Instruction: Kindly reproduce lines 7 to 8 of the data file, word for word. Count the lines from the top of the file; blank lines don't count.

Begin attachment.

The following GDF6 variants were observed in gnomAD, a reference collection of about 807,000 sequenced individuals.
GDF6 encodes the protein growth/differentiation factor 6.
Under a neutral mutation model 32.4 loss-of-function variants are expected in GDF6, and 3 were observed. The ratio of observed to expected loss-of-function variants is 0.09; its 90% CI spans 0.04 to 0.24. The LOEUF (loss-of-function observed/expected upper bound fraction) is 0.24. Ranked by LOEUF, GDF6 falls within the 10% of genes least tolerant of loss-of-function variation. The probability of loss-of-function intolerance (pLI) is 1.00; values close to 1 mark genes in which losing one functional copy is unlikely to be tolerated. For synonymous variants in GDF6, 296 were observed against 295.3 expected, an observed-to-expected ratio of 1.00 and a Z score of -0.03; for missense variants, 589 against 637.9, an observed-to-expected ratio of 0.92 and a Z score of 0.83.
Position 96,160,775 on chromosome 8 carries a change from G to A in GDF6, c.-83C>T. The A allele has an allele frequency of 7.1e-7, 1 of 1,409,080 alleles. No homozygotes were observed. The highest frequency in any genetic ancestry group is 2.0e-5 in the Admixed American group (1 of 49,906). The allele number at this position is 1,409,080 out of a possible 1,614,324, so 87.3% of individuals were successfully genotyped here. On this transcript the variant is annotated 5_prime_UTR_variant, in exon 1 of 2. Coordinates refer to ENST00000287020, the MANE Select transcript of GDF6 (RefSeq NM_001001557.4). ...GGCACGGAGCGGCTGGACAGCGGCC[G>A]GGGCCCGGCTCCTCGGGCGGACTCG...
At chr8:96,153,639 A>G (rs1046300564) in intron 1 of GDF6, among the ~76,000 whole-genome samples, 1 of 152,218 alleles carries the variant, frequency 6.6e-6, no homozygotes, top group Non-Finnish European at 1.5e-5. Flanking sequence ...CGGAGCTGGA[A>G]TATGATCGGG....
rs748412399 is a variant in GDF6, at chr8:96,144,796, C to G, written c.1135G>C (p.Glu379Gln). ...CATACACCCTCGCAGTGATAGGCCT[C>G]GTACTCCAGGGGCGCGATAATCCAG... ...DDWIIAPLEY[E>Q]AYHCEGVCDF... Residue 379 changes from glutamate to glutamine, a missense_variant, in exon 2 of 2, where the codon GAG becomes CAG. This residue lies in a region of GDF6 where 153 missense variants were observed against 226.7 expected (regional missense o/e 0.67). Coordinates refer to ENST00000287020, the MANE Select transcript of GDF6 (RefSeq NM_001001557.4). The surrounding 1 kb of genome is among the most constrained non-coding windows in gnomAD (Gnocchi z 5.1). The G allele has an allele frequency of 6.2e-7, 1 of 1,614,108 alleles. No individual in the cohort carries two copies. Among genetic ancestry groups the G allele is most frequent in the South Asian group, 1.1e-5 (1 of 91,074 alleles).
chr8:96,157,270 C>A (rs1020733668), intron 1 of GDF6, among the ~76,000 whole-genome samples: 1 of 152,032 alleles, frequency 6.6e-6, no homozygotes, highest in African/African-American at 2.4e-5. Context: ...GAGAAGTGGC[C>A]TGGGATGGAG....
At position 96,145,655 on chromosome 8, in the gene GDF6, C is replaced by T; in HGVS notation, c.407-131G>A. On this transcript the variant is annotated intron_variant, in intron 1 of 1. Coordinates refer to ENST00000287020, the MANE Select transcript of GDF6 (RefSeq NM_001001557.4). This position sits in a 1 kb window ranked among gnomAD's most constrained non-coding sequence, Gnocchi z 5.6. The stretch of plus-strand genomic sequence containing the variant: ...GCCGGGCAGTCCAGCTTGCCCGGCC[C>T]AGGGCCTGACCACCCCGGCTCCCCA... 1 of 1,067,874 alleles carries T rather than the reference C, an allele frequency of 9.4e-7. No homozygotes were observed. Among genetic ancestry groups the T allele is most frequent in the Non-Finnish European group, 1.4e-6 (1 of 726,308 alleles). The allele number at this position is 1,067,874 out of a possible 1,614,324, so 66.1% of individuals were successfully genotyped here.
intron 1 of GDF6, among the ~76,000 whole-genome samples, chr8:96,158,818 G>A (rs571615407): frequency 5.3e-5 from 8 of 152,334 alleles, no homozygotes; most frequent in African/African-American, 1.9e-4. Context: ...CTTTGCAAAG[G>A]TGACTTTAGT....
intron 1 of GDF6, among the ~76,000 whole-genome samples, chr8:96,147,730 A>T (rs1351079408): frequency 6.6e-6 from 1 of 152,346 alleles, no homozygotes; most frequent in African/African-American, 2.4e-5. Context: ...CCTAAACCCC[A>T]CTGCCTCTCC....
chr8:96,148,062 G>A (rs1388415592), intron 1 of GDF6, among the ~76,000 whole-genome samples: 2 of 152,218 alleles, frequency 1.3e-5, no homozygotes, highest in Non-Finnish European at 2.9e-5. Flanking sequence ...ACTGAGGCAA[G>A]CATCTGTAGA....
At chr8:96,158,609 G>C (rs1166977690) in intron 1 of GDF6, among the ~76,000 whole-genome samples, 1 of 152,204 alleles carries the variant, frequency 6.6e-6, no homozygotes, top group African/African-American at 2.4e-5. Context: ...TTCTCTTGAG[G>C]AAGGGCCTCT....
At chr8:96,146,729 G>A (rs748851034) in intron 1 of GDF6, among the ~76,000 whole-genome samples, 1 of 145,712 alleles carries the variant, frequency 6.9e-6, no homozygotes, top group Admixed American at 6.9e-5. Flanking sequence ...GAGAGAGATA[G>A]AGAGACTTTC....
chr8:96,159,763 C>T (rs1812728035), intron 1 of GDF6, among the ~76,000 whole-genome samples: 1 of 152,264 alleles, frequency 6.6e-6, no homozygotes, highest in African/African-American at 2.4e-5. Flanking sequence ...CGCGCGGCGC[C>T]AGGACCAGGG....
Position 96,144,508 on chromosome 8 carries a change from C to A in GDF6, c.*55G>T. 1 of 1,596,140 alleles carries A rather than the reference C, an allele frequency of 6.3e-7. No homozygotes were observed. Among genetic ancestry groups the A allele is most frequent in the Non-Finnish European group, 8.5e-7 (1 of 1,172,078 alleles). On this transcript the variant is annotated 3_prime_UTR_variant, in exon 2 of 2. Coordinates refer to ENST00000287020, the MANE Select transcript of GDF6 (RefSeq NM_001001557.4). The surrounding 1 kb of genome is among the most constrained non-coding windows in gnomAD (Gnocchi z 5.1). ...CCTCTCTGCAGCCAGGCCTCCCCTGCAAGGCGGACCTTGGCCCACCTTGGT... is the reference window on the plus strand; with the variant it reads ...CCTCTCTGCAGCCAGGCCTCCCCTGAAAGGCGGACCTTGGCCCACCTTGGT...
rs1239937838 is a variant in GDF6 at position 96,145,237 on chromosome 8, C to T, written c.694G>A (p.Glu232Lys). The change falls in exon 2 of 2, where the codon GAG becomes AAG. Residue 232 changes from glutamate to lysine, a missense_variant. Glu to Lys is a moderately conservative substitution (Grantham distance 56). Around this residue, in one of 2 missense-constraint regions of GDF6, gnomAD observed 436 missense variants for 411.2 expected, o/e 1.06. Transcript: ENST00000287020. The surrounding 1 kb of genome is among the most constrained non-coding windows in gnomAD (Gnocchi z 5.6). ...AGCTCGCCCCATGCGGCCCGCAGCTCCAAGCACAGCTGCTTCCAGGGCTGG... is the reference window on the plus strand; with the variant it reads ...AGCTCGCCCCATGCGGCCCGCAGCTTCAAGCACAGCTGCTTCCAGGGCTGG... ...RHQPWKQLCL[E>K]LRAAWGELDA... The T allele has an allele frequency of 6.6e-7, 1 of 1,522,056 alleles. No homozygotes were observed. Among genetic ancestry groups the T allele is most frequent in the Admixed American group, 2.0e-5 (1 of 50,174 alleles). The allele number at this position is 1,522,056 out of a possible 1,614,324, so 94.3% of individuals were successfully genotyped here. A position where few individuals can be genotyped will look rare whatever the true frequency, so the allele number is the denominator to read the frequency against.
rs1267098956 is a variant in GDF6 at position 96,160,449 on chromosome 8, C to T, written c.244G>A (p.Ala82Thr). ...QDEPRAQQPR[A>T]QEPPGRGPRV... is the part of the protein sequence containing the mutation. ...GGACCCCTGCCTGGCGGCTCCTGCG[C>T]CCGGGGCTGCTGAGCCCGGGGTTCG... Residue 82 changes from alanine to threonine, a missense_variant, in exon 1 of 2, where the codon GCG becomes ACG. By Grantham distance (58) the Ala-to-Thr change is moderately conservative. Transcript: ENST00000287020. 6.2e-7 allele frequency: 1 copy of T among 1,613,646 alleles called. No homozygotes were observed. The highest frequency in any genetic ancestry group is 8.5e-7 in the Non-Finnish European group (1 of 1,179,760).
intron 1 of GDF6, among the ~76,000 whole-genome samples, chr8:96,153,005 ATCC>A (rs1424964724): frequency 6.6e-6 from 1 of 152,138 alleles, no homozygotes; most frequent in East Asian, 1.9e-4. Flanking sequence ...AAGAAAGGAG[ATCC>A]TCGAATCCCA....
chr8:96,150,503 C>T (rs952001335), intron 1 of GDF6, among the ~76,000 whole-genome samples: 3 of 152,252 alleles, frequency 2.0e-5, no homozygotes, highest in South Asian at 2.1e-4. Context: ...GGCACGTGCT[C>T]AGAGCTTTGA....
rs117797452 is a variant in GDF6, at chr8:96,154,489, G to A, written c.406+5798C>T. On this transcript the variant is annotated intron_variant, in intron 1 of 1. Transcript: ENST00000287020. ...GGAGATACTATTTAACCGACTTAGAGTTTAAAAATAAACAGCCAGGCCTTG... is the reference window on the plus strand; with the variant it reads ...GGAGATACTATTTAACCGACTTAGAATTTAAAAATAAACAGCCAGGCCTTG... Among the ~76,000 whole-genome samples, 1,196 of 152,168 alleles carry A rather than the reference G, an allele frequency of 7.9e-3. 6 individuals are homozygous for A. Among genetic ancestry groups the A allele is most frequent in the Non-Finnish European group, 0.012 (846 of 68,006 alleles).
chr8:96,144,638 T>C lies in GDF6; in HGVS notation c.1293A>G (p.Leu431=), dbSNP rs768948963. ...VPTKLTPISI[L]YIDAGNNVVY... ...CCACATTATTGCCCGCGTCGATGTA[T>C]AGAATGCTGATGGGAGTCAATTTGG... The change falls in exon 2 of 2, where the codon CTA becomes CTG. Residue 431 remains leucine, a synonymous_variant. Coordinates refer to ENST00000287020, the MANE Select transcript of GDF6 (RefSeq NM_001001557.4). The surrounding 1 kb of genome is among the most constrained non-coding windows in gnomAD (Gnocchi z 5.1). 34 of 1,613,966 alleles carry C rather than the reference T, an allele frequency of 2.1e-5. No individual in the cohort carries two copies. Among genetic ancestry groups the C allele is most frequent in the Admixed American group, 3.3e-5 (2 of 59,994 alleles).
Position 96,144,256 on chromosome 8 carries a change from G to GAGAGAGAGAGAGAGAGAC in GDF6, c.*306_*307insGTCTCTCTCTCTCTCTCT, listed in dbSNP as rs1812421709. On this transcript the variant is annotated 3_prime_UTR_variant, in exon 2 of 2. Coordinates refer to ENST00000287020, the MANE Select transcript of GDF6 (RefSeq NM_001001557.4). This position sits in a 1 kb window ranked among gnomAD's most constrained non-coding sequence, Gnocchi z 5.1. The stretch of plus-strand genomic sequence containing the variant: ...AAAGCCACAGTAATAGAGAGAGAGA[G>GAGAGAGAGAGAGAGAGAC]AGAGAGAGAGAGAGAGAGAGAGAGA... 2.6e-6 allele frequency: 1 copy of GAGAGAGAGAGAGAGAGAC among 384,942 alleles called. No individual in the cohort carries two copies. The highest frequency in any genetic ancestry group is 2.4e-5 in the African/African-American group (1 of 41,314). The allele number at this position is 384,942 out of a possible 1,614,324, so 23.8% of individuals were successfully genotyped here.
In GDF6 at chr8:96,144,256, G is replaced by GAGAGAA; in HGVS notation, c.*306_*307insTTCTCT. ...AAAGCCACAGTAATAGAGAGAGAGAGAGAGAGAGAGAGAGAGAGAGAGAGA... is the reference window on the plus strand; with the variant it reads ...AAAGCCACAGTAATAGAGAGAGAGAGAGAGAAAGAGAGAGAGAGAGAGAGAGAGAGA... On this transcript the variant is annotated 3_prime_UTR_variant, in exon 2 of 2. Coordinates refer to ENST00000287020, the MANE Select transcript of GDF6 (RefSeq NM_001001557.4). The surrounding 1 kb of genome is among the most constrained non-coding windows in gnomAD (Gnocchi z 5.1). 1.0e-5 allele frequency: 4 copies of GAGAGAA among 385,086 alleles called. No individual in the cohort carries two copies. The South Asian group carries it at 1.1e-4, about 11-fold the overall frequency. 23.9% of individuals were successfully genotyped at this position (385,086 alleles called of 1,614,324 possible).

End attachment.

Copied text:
chr8:96,157,270 C>A (rs1020733668), intron 1 of GDF6, among the ~76,000 whole-genome samples: 1 of 152,032 alleles, frequency 6.6e-6, no homozygotes, highest in African/African-American at 2.4e-5. Context: ...GAGAAGTGGC[C>A]TGGGATGGAG....
At position 96,145,655 on chromosome 8, in the gene GDF6, C is replaced by T; in HGVS notation, c.407-131G>A. On this transcript the variant is annotated intron_variant, in intron 1 of 1. Coordinates refer to ENST00000287020, the MANE Select transcript of GDF6 (RefSeq NM_001001557.4). This position sits in a 1 kb window ranked among gnomAD's most constrained non-coding sequence, Gnocchi z 5.6. The stretch of plus-strand genomic sequence containing the variant: ...GCCGGGCAGTCCAGCTTGCCCGGCC[C>T]AGGGCCTGACCACCCCGGCTCCCCA... 1 of 1,067,874 alleles carries T rather than the reference C, an allele frequency of 9.4e-7. No homozygotes were observed. Among genetic ancestry groups the T allele is most frequent in the Non-Finnish European group, 1.4e-6 (1 of 726,308 alleles). The allele number at this position is 1,067,874 out of a possible 1,614,324, so 66.1% of individuals were successfully genotyped here.